Top three goals of Israeli Chief of Staff Kochavi during US visit

Priorities include communicating intelligence assessments by the IDF on Iran’s nuclear program and professional concerns over a new nuclear deal, in addition to sharing key lessons from the recent conflict with Hamas in Gaza.

By Yaakov Lappin, JNS

After delaying a planned key visit to the United States in late April due to the security situation in Gaza, Israel Defense Forces Chief of Staff Lt. Gen. Aviv Kochavi arrived in Washington, D.C., on Sunday looking to pursue three main objectives.

At the top of the priority list is communicating the IDF’s position and the latest intelligence assessments on the Iranian nuclear program. According to an Israeli military source, Kochavi is set to meet with American defense officials to discuss in detail professional military-to-military concerns about the nuclear program, which has been highly active in recent months.

Kochavi will also detail inherent dangers from Israel’s perspective that are associated with a return to the 2015 nuclear deal.

The IDF is particularly concerned by the prospect of the agreement’s sunset clauses, and how they could grant the Iranian regime breathing space and the ability to acquire dangerous capabilities.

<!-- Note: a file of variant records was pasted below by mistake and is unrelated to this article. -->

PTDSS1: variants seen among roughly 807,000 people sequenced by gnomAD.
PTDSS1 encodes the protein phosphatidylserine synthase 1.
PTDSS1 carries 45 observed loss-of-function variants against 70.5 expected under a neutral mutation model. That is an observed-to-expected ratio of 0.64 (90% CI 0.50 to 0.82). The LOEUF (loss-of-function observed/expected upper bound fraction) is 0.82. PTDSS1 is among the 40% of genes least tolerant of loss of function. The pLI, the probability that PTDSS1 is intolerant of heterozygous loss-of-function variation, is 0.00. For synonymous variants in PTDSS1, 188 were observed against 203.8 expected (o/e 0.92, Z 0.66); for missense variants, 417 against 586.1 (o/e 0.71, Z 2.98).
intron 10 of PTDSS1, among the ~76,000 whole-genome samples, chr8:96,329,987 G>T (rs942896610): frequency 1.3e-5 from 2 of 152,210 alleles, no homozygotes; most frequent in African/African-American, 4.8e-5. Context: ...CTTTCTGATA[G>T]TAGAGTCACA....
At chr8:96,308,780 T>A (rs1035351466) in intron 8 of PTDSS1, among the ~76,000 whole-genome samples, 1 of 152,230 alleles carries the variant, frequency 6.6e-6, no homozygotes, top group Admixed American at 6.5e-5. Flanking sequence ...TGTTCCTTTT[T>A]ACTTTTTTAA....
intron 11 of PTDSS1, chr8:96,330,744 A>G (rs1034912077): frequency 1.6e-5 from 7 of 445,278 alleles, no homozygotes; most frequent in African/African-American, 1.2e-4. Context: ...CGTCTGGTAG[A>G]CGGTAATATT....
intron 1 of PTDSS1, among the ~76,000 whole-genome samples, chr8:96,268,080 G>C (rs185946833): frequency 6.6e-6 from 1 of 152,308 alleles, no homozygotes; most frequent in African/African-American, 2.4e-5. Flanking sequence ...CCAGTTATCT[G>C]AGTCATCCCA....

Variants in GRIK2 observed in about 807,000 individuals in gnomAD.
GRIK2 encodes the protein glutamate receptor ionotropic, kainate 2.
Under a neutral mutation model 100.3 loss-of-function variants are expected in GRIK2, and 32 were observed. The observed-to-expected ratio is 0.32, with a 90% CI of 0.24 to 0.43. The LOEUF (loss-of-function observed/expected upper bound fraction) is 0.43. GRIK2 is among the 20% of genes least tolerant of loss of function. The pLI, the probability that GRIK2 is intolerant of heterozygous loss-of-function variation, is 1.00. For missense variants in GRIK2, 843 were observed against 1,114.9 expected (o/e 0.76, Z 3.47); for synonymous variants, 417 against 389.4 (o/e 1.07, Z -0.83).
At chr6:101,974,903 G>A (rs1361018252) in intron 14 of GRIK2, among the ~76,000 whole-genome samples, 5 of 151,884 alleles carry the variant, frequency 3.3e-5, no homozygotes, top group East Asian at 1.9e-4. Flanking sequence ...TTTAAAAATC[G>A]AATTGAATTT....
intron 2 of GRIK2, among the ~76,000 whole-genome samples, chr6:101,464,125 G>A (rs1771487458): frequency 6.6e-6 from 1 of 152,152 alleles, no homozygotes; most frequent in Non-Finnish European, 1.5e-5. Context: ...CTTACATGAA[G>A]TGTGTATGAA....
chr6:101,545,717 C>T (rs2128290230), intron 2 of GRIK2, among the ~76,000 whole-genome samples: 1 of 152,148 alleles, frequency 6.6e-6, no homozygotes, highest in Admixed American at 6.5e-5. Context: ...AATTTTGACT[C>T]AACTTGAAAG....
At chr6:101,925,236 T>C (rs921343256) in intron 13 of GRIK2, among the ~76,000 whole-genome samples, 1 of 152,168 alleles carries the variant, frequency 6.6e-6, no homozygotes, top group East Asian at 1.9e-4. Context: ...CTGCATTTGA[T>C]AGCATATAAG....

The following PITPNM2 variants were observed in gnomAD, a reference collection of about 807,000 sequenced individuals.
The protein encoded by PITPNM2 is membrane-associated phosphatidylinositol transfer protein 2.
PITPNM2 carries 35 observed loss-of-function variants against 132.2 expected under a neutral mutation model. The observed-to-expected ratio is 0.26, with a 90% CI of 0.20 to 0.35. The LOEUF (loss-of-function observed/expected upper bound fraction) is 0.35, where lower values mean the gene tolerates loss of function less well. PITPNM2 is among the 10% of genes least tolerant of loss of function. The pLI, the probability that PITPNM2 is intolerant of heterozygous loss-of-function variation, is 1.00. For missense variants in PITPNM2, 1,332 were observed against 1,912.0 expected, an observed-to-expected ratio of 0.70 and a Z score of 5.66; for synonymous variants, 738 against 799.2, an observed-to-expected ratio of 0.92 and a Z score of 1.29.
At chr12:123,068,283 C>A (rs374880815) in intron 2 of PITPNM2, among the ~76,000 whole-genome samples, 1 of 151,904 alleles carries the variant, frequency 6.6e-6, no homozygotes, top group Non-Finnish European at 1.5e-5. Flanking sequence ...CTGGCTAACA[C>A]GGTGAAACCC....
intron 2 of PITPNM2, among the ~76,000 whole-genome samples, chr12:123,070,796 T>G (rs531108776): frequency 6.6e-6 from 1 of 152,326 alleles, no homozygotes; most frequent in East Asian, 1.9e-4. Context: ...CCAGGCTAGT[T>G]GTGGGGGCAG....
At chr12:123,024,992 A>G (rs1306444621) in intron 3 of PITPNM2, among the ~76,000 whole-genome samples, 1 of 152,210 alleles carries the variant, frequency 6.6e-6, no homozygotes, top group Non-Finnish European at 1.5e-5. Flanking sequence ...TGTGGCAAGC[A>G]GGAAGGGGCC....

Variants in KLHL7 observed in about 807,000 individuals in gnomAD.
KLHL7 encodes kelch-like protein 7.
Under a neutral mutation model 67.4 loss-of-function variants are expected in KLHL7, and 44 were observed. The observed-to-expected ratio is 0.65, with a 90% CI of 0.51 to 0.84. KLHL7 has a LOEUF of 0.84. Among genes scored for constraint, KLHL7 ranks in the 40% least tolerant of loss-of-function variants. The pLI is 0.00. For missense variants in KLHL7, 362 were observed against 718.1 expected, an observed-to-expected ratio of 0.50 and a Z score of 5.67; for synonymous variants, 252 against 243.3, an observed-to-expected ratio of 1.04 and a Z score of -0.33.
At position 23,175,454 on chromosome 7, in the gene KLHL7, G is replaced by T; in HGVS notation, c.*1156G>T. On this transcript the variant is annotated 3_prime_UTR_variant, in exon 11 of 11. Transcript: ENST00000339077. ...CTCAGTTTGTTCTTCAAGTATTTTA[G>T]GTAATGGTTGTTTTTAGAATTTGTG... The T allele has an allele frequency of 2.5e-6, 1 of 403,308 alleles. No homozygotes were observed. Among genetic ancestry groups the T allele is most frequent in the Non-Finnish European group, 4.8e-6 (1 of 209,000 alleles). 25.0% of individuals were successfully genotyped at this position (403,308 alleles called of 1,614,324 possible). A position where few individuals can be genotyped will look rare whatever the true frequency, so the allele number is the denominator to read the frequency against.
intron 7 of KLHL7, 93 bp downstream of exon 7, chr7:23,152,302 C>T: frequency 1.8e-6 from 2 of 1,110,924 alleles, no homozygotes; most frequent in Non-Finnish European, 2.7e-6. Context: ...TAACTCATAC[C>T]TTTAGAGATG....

Kochavi’s position on the matter is no secret; he expressed it openly in January during a speech in which he stated that a “return to the nuclear deal from 2015 or even a similar deal with a few improvements is bad and wrong. It is wrong operationally and strategically. Operationally, because it would again allow at its end, or before, the Iranians to enrich uranium, develop centrifuges, and a weapons capability [taking them up to] breakthrough [to a nuclear weapon].

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“Strategically, it would present an intolerable threat to Israel and apparently spark a nuclear arms race in the Middle East. Hence, anything that resembles the current deal or an improved [version of that] agreement is wrong.”

In Washington, Kochavi will discuss Israeli assessments of Iran’s regional entrenchment efforts. He also plans to highlight the destructive activities by Iran taking place all over the Middle East, including Syria, the southern Arabian Peninsula, Lebanon and Gaza, according to a source.

“He will share situational assessments, underline the threats, discuss what disturbs Israel and how Israel plans to act,” and “share Israel’s recommendations,” said the source.

A second objective of the visit is to continue to strengthen the relationship between the Israeli and American military leaderships. The already strong relationship has seen the two military establishments cooperate closely on force build-up—the joint development of combat systems, equipment, research and development, doctrines and techniques. This has seen the IDF work closely with the U.S. Marines, Navy, Air Force and Army.